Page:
What is FASD?
FASD is an umbrella term for the range of lifelong learning, behavioural and developmental disabilities which result from alcohol exposure during pregnancy.
Prenatal alcohol exposure effects how the brain’s neural connections are formed, and in some cases this results in irreversible brain damage and a variety of developmental disabilities.
For a child with FASD, this can mean having difficulty with speech and language, impairment of vision and hearing, and difficulty with judgment and reasoning. It can also lead to poor memory, poor impulse control and mental, social and developmental delays, as well as learning and behavioural difficulties.
In addition to these neurological symptoms, children born with FASD may also have physical impairments ranging from subtle facial anomalies to organ damage.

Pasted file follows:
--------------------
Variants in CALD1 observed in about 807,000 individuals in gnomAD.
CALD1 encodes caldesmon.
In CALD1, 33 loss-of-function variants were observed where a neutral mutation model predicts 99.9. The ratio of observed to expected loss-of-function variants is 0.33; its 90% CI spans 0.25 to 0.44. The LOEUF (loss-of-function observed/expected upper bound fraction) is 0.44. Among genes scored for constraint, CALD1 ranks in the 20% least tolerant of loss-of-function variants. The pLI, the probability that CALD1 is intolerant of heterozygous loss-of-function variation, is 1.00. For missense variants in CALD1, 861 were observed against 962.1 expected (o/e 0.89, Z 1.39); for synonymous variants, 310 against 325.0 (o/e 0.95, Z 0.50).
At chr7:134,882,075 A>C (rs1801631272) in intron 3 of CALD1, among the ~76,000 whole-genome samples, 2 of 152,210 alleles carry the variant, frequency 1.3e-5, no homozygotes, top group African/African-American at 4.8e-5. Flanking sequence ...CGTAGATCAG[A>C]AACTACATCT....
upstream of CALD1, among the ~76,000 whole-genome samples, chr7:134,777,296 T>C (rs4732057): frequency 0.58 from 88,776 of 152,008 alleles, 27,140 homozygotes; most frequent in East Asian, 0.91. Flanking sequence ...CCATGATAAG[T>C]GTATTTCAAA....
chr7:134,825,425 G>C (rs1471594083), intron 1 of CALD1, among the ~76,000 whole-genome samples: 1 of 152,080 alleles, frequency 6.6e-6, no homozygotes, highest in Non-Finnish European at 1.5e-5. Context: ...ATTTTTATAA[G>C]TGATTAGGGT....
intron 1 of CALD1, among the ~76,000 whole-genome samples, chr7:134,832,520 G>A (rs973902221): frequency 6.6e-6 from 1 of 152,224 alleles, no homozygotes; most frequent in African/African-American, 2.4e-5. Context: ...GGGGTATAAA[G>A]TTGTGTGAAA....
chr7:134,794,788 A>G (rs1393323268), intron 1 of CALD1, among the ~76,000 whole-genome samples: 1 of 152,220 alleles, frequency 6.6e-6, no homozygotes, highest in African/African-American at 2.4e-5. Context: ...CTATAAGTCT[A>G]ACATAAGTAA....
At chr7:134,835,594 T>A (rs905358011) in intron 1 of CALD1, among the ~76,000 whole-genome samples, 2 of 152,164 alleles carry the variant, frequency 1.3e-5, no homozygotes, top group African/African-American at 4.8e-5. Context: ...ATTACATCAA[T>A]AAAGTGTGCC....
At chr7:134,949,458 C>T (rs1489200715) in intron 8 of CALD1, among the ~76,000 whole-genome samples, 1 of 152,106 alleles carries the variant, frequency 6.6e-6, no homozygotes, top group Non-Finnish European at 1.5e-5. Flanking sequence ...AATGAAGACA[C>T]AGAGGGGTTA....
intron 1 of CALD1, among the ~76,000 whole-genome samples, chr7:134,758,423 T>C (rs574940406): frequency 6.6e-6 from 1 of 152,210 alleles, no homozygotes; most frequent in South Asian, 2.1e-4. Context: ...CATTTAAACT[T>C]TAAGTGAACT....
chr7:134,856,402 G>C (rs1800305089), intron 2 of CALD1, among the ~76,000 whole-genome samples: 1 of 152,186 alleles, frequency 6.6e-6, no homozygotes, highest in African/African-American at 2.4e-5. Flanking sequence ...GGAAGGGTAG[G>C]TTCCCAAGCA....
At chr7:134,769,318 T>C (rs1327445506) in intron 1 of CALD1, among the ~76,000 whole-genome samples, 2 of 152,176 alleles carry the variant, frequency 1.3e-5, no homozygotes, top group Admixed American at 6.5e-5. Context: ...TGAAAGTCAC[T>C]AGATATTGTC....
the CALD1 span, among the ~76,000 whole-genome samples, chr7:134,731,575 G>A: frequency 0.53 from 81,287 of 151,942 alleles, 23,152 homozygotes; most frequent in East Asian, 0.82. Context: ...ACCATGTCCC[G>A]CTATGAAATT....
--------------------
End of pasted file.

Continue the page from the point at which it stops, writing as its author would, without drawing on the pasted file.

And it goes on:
When the primary disabilities of FASD are undiagnosed or misunderstood, this can often lead to secondary disabilities such as mental health issues, alcohol and drug problems, disrupted school experiences and inappropriate sexual behaviours.
While the exact rates of prevalence are unknown, FASD are recognised as the leading preventable cause of non-genetic, developmental disability in Australia.
By spreading the word and encouraging all women to avoid alcohol during pregnancy, together we can make FASD history.